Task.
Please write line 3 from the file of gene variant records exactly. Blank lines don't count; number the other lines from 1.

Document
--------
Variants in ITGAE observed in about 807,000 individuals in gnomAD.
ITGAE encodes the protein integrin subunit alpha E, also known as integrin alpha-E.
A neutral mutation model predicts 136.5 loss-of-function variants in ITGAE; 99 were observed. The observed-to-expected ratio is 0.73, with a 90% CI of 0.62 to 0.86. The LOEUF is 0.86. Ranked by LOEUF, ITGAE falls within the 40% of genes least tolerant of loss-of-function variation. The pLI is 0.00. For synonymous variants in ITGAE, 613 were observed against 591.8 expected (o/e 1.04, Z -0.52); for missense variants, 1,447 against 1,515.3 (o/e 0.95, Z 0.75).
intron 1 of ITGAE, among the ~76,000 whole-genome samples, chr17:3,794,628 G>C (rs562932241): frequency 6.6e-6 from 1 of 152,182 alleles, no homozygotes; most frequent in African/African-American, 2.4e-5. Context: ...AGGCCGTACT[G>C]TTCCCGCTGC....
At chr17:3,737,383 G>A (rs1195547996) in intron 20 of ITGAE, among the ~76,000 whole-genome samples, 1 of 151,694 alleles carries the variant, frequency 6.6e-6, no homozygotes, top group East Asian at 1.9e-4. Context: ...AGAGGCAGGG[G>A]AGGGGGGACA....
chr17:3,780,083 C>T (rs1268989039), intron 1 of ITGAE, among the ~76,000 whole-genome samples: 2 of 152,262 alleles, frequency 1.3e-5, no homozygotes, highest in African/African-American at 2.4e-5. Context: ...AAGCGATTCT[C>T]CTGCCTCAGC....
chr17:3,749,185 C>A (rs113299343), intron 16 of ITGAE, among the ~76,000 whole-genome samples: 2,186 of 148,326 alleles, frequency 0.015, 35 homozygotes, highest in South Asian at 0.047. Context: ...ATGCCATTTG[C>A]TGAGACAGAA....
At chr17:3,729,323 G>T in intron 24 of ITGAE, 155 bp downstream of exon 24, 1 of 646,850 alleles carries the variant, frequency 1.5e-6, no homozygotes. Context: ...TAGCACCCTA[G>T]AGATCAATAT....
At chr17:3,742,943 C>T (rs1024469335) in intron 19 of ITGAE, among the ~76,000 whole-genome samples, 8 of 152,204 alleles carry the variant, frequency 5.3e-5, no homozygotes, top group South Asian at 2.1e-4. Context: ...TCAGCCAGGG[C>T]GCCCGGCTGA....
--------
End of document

A neutral mutation model predicts 136.5 loss-of-function variants in ITGAE; 99 were observed. The observed-to-expected ratio is 0.73, with a 90% CI of 0.62 to 0.86. The LOEUF is 0.86. Ranked by LOEUF, ITGAE falls within the 40% of genes least tolerant of loss-of-function variation. The pLI is 0.00. For synonymous variants in ITGAE, 613 were observed against 591.8 expected (o/e 1.04, Z -0.52); for missense variants, 1,447 against 1,515.3 (o/e 0.95, Z 0.75).